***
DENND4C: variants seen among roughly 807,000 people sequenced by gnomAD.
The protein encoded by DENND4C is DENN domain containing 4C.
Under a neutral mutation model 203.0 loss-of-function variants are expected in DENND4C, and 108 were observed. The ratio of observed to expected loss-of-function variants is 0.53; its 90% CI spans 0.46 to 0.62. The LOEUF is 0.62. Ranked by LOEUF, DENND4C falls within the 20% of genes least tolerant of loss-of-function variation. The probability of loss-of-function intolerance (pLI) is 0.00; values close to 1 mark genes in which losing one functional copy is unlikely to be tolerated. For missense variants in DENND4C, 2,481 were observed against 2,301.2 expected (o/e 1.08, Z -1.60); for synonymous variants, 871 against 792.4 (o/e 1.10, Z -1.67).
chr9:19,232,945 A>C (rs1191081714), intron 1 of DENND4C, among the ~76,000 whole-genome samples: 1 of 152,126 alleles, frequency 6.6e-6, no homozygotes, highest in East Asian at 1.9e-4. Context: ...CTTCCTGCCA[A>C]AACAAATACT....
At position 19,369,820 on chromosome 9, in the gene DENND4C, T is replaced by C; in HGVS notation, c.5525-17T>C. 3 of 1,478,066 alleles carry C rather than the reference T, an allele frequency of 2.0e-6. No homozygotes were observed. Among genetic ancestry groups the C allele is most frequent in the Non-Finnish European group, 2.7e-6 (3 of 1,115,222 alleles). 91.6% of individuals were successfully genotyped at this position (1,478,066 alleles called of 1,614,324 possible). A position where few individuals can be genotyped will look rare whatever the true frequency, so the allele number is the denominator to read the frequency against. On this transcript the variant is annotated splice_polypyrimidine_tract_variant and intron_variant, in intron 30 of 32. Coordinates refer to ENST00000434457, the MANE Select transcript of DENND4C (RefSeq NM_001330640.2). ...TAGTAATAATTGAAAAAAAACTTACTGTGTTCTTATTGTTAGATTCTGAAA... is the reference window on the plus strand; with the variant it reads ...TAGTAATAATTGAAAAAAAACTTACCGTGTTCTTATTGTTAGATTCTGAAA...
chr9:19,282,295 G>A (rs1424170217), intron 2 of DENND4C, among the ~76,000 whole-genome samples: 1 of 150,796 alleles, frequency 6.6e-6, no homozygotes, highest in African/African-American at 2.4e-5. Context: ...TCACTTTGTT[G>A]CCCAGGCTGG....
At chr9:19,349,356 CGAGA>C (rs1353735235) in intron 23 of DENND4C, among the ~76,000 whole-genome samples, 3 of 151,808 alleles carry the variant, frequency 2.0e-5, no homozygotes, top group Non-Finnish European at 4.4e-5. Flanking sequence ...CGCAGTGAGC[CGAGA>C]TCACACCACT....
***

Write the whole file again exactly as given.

DENND4C: variants seen among roughly 807,000 people sequenced by gnomAD.
The protein encoded by DENND4C is DENN domain containing 4C.
Under a neutral mutation model 203.0 loss-of-function variants are expected in DENND4C, and 108 were observed. The ratio of observed to expected loss-of-function variants is 0.53; its 90% CI spans 0.46 to 0.62. The LOEUF is 0.62. Ranked by LOEUF, DENND4C falls within the 20% of genes least tolerant of loss-of-function variation. The probability of loss-of-function intolerance (pLI) is 0.00; values close to 1 mark genes in which losing one functional copy is unlikely to be tolerated. For missense variants in DENND4C, 2,481 were observed against 2,301.2 expected (o/e 1.08, Z -1.60); for synonymous variants, 871 against 792.4 (o/e 1.10, Z -1.67).
chr9:19,232,945 A>C (rs1191081714), intron 1 of DENND4C, among the ~76,000 whole-genome samples: 1 of 152,126 alleles, frequency 6.6e-6, no homozygotes, highest in East Asian at 1.9e-4. Context: ...CTTCCTGCCA[A>C]AACAAATACT....
At position 19,369,820 on chromosome 9, in the gene DENND4C, T is replaced by C; in HGVS notation, c.5525-17T>C. 3 of 1,478,066 alleles carry C rather than the reference T, an allele frequency of 2.0e-6. No homozygotes were observed. Among genetic ancestry groups the C allele is most frequent in the Non-Finnish European group, 2.7e-6 (3 of 1,115,222 alleles). 91.6% of individuals were successfully genotyped at this position (1,478,066 alleles called of 1,614,324 possible). A position where few individuals can be genotyped will look rare whatever the true frequency, so the allele number is the denominator to read the frequency against. On this transcript the variant is annotated splice_polypyrimidine_tract_variant and intron_variant, in intron 30 of 32. Coordinates refer to ENST00000434457, the MANE Select transcript of DENND4C (RefSeq NM_001330640.2). ...TAGTAATAATTGAAAAAAAACTTACTGTGTTCTTATTGTTAGATTCTGAAA... is the reference window on the plus strand; with the variant it reads ...TAGTAATAATTGAAAAAAAACTTACCGTGTTCTTATTGTTAGATTCTGAAA...
chr9:19,282,295 G>A (rs1424170217), intron 2 of DENND4C, among the ~76,000 whole-genome samples: 1 of 150,796 alleles, frequency 6.6e-6, no homozygotes, highest in African/African-American at 2.4e-5. Context: ...TCACTTTGTT[G>A]CCCAGGCTGG....
At chr9:19,349,356 CGAGA>C (rs1353735235) in intron 23 of DENND4C, among the ~76,000 whole-genome samples, 3 of 151,808 alleles carry the variant, frequency 2.0e-5, no homozygotes, top group Non-Finnish European at 4.4e-5. Flanking sequence ...CGCAGTGAGC[CGAGA>C]TCACACCACT....